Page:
Sophie Ryan is online editor for the Business Herald

Cyber security message getting through - Microsoft

Michael Brick, legal counsel at Microsoft New Zealand. Photo / Greg Bowker.
Michael Brick, legal counsel at Microsoft New Zealand. Photo / Greg Bowker.

Businesses and individuals are increasingly aware of the risk of cyber threats and are looking for ways to protect themselves in the event of a cyber attack, Microsoft's expert on cybersecurity in New Zealand says.

Experts in cybersecurity and digital crime fighting in Asia and Pacific will explain the global landscape of cyber threats tomorrow at a Microsoft conference in Singapore.

Legal counsel for Microsoft New Zealand, Michael Brick, said businesses in New Zealand were beginning to take action to ready themselves for a cyber threat event.

Brick said over the last three years he had seen "a lot of talk, but no real action," but the model for cybersecurity was changing.

"But, even in the last six months I feel like people have gone from just talking about it and being aware of it, to switching into action mode.

"From big corporates to small-to-medium businesses, people are looking at ways to be more proactive, to engage, and to be certain everyone is aware of it."

Brick said he was aware of numerous boards and directors in New Zealand that were making it a priority to ensure their IT teams were on top of all aspects of cybersecurity.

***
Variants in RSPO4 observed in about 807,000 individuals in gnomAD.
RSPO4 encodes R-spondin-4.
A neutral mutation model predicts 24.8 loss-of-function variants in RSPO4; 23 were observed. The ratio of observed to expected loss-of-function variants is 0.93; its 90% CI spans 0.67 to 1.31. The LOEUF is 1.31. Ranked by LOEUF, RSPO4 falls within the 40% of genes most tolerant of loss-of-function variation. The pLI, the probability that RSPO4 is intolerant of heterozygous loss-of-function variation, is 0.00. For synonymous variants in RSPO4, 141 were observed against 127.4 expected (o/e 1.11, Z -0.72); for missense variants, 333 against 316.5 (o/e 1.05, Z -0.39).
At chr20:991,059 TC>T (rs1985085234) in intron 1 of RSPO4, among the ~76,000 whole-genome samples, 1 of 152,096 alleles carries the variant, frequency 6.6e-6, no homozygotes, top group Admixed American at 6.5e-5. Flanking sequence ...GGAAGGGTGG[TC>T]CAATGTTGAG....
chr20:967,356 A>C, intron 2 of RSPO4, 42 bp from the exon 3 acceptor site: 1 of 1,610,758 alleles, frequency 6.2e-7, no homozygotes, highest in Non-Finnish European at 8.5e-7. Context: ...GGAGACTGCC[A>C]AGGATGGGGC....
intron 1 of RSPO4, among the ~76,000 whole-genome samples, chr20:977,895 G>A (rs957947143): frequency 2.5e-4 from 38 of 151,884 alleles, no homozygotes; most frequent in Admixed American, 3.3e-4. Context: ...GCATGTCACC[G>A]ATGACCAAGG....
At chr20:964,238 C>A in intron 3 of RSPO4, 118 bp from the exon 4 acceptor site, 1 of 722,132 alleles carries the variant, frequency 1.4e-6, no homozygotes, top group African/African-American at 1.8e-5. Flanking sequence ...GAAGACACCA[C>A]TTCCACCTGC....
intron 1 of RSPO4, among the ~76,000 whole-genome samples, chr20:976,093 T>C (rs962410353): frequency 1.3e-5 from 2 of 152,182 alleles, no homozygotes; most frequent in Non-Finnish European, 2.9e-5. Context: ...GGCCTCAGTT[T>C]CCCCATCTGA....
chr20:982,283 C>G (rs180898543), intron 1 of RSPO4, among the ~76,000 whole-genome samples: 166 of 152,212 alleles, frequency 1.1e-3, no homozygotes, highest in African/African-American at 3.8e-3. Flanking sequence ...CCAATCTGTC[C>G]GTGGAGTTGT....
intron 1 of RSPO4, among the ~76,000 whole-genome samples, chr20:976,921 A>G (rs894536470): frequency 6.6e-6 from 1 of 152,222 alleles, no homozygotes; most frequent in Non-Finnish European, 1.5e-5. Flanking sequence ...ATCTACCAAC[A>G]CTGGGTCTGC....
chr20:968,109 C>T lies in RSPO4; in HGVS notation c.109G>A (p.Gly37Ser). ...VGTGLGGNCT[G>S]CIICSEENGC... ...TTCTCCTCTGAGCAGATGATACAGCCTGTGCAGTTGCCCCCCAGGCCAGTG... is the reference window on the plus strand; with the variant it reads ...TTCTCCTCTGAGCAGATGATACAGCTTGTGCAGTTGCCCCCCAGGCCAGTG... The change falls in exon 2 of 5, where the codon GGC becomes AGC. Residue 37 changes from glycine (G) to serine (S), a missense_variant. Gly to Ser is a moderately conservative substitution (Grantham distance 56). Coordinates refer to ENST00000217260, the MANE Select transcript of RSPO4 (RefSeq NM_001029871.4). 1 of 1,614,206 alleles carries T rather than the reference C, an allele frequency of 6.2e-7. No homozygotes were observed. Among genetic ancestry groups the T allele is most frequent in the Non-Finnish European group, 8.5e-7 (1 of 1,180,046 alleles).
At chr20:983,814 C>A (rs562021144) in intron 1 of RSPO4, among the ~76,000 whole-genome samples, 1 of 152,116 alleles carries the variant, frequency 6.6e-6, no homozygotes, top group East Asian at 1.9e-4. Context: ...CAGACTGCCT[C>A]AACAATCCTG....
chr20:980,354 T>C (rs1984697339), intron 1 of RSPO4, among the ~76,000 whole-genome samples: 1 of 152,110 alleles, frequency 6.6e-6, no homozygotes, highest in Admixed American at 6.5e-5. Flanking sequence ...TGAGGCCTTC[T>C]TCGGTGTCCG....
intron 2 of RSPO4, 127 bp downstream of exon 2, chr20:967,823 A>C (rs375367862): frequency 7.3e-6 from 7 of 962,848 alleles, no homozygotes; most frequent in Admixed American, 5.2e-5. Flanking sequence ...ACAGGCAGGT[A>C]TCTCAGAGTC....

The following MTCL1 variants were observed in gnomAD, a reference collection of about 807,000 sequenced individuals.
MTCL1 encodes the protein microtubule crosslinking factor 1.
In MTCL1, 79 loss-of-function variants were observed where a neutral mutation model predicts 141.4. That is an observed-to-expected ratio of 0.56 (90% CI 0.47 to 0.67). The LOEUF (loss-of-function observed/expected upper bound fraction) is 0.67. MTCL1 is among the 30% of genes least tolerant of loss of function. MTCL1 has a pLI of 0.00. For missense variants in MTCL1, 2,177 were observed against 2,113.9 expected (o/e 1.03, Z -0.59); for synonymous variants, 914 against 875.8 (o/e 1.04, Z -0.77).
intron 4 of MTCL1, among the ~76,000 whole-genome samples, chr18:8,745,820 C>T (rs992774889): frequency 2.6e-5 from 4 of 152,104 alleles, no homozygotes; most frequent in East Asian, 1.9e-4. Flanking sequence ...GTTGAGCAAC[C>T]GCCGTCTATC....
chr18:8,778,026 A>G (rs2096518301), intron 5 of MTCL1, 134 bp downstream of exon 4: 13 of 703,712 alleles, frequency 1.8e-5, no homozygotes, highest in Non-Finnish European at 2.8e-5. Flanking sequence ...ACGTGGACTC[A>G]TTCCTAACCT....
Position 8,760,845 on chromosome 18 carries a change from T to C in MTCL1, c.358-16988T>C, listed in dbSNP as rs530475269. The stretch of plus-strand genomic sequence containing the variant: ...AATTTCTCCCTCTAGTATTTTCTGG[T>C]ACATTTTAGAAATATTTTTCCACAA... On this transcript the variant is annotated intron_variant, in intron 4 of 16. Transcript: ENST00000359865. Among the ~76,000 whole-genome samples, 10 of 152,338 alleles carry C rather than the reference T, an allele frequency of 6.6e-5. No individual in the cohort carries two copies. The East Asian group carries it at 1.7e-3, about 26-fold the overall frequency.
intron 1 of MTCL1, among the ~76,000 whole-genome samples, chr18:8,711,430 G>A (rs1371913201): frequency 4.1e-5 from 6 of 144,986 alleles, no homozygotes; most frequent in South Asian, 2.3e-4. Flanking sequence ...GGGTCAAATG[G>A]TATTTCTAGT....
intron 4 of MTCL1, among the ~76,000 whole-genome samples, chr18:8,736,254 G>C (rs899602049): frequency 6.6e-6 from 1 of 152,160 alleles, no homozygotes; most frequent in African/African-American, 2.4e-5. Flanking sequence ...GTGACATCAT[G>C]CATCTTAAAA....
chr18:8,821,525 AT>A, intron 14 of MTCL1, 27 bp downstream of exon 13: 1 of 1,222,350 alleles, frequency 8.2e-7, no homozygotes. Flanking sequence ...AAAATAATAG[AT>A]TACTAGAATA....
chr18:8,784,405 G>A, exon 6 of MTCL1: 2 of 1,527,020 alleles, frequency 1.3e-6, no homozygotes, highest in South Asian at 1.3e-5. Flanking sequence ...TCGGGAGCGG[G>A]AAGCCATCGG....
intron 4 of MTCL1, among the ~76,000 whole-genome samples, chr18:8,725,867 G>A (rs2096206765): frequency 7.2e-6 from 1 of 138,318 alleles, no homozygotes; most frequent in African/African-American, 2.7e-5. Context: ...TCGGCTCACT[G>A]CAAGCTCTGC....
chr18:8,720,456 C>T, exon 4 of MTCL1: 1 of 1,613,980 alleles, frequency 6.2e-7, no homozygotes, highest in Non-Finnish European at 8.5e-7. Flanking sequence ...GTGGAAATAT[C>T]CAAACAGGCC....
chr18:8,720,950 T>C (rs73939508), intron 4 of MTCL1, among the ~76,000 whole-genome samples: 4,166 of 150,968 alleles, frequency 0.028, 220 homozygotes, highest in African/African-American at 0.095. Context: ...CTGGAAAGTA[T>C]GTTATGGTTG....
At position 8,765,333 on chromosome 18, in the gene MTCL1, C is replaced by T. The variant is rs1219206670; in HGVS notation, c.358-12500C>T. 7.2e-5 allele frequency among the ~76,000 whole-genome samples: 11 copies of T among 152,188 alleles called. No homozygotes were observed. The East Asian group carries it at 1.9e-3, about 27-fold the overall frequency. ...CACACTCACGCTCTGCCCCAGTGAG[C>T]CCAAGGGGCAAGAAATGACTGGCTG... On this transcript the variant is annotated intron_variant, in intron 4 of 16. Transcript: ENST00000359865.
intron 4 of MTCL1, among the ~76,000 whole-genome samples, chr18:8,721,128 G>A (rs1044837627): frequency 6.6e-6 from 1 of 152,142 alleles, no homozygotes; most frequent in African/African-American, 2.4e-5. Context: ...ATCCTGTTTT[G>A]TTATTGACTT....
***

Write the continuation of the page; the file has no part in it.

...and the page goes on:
The Microsoft Cyber Security Experience will give detail of a global survey of where cyber threats have occurred and how frequently.

But, even in the last six months I feel like people have gone from just talking about it and being aware of it, to switching into action mode.
Michael Brick

The Malware Infection Index shows the concentration of malware around the world.
Brick said Microsoft was able to obtain injunctions in the United States and Europe to take control of botnets, the technology used by cyber criminals to distribute malware, and trace infected computers.

Microsoft collected the data of the infected computers to create the index.

"Basically anyone can run an IP address scan against this database of infected computers to see where concentrations of malware are," Brick said.

"People will not use technology they do not trust. That's one golden rule that applies to organisations and individuals alike in today's mobile-first, cloud-first world," Microsoft says in a statement about the event.

Speakers at the event from outside Microsoft include experts from Interpol and the Economic Intelligence Unit.

- Sophie Ryan is in Singapore for the Microsoft Cyber Security Experience courtesy of Microsoft

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